Amsterdam-Centrum- Red Light District-Chinatown-FOAM

One of the concentric canals in Amsterdam

Amsterdam is a city that needs no introduction to the world traveler. One of Europe’s most visited cities, it’s well known for its beautiful architecture, its endless canals, its numerous bridges, its rich and expansive history, and, of course, its reputation for tolerance.

See & Do

  • Centrum(Old Centre): The historic center of the city of Amsterdam, you will be right in the heart of it as soon as you step outside of Amsterdam Centraal train station. There are give major canals that form concentric circles looping around the train station that encompass the “centrum” or city center of Amsterdam. The majority of hotels and tourist attractions exist, historic architecture, cathedrals, canals and of course the famous red light district. Rating: 4/5

Bicycles in Centrum, Amsterdam

  • Red Light District: What’s fascinating about Amsterdam’s red light district is that it’s not tucked away in some corner where only sketchy looking people will be standing about–nope, this is right in the heart of the city, minutes from all other tourist attractions. There will be lots of locals and tourists (families included) walking around at all times of day and night. There are nearly-naked women lined up in windows along the canals, alleys, and other streets in the area tapping to get the attention of passing men. Occasionally you will see a closed curtain or a negotiation taking place; anything beyond that is up to your imagination. Rating: 4/5

Red Light District in Amsterdam

  • Zeedijk(Chinatown): There are a handful of Chinese related shops and restaurants in this area, and a marked increase in Chinese population. For European standards it’s a somewhat lively Chinatown, but if you are a visitor from any major North American city then it will be relatively tiny and limited in comparison. Note that they generally tend to lump together all sorts of Asian cuisine in this Chinatown, so you will see Indonesian, Japanese, Malaysian, etc cuisines. Rating: 4/5Chinatown in Amsterdam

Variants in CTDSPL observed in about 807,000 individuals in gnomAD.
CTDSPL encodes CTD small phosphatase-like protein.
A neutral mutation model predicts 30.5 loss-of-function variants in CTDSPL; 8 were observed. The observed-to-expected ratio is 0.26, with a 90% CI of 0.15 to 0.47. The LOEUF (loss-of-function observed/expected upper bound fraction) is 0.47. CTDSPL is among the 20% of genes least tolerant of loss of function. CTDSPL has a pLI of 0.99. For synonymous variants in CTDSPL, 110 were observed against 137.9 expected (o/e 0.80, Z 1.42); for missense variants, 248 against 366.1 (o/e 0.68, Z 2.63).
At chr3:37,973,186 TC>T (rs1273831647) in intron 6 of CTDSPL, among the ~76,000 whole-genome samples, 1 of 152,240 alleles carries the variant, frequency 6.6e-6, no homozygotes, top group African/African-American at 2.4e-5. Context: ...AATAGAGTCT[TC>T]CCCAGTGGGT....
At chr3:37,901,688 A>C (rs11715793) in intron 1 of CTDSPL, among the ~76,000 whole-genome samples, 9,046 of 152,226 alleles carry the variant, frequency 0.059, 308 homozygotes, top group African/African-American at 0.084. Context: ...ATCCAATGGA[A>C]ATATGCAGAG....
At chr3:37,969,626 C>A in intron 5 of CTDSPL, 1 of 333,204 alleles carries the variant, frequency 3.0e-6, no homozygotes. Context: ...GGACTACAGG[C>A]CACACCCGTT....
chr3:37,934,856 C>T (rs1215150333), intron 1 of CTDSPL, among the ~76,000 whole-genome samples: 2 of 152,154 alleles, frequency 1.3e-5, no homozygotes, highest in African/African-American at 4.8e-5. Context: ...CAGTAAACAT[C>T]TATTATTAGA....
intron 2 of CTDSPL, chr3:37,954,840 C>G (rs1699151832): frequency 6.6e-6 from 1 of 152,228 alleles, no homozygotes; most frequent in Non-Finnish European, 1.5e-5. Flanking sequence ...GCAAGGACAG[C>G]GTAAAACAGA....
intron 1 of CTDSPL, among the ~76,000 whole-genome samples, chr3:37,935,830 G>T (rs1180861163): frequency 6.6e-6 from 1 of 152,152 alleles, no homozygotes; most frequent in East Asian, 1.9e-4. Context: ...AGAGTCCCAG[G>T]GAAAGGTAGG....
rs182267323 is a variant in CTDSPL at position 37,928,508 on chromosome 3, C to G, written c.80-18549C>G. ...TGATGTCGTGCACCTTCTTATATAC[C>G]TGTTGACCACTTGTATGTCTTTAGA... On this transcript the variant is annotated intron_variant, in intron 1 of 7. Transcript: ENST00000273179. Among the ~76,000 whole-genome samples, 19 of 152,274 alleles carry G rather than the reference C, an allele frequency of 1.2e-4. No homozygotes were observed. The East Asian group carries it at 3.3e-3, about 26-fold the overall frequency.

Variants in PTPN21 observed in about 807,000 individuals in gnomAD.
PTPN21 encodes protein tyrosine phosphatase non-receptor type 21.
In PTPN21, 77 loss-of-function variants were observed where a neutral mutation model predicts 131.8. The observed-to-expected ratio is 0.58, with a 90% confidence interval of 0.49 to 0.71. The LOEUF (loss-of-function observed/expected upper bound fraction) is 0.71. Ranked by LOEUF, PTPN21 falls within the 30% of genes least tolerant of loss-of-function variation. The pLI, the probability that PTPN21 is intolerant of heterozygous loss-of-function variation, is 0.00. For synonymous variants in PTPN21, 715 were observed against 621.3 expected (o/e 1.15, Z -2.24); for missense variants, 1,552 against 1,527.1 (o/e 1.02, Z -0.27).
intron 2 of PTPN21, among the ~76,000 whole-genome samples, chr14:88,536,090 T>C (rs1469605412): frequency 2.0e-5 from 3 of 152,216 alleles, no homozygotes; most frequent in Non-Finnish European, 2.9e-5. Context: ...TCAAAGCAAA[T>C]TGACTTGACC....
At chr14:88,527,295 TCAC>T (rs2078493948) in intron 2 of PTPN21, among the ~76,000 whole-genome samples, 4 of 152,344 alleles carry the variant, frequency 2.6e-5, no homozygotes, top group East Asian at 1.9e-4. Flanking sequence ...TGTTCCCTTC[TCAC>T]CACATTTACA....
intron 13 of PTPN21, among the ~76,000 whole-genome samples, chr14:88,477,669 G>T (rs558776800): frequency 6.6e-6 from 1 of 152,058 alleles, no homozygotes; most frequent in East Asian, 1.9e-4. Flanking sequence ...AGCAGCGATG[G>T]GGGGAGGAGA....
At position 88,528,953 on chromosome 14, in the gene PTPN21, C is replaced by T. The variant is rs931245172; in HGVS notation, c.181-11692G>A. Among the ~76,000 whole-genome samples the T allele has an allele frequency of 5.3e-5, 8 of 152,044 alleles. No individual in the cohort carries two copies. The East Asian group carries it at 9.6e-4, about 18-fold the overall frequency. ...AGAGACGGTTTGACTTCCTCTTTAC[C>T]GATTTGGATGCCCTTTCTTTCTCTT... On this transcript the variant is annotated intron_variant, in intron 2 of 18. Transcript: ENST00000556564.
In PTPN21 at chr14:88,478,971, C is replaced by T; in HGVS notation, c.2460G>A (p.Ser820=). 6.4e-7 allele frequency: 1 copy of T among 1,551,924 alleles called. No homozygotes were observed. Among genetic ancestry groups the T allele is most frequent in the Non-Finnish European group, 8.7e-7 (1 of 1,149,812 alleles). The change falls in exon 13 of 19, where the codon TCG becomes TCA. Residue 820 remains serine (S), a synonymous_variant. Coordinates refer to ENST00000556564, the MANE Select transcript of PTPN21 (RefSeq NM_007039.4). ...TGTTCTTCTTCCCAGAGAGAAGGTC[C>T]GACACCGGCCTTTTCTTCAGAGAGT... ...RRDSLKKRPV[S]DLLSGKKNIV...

• FOAM: The photography museum has a variety of excellent rotating exhibitions, so you could keep on coming back for an entirely new experience every time. Admission is € 8.75.
  • Magere Brug(Skinny Bridge): First off, I’m going to admit that I’m not quite sure I get the significance of this bridge. We either crossed this bridge or were in the area a few times, but nothing really stood out as especially unique. It’s a famous bridge that connects two sides of the Amstel river, but it’s so skinny that only bikes and pedestrians can cross. There is a pretty good view of Amsterdam standing on the bridge. There is a fictional story accompanying the bridge about two elderly sisters who lived on opposite ends of the canal and visited each other often, but were not able to walk to another bridge (of which there are two more about 300m apart). Rating: 4/5

Magere Brug in Amsterdam

Eat & “Drink”

  • The Pancake Bakery: Pancakes in the Netherlands are not quite crepes from France, but they are also not quite the thick, fluffy American pancake either (it’s somewhere in between). This place serves great savory and sweet pancakes, and it makes for a nice meal that won’t stuff you. This restaurant is conveniently located near the Anne Frank House.  Around €8 per dish of pancakes. Rating: 5/5
  • Maoz Falafel:  What? Eating at a chain on vacation? Seems almost shameful, but wait–Maoz actually originated from Amsterdam. The first location ever opened is on Reguliersbreestraat in Centrum. Dutch Maoz restaurants also seem to serve fries in addition to falafel (though, as you will find, fry shops are not exactly rare while wandering around Amsterdam). Around €6 per falafel sandwich. Rating: 4/5
  • Barney’s Coffeeshop: This is a pretty famous coffeeshop with a wide variety of selections, including personal vaporizers that can be used at your table. We made the mistake of going in on a Monday afternoon where we were the only people at a shop. It provided for a pretty good experience at the FOAM museum. We spent around €20 for two drinks and one “cup” of coffee. Rating: 4/5
  • 420 Cafe: Nice little coffeeshop in the heart of Centrum in an alley off the Nieuwendijk pedestrian street. Has separate smoking and non-smoking areas (which are separated by nothing at all, so what’s the point?). Rating:4/5


  • Downtown Flyingpig Hostel: If you enjoy hostels then this is place to be. Low prices for a bed in addition to a nice, cheap bar in the lobby as well as a smoking lounge make for an excellent place to chat and meet fellow travelers. Three of the guys in our room got back in around 4-5am and were still fast asleep by 5pm (did they even wake up? Who knows.). Don’t be those guys, Amsterdam is much more than partying, drinking, and getting stoned. Rating: 2/5

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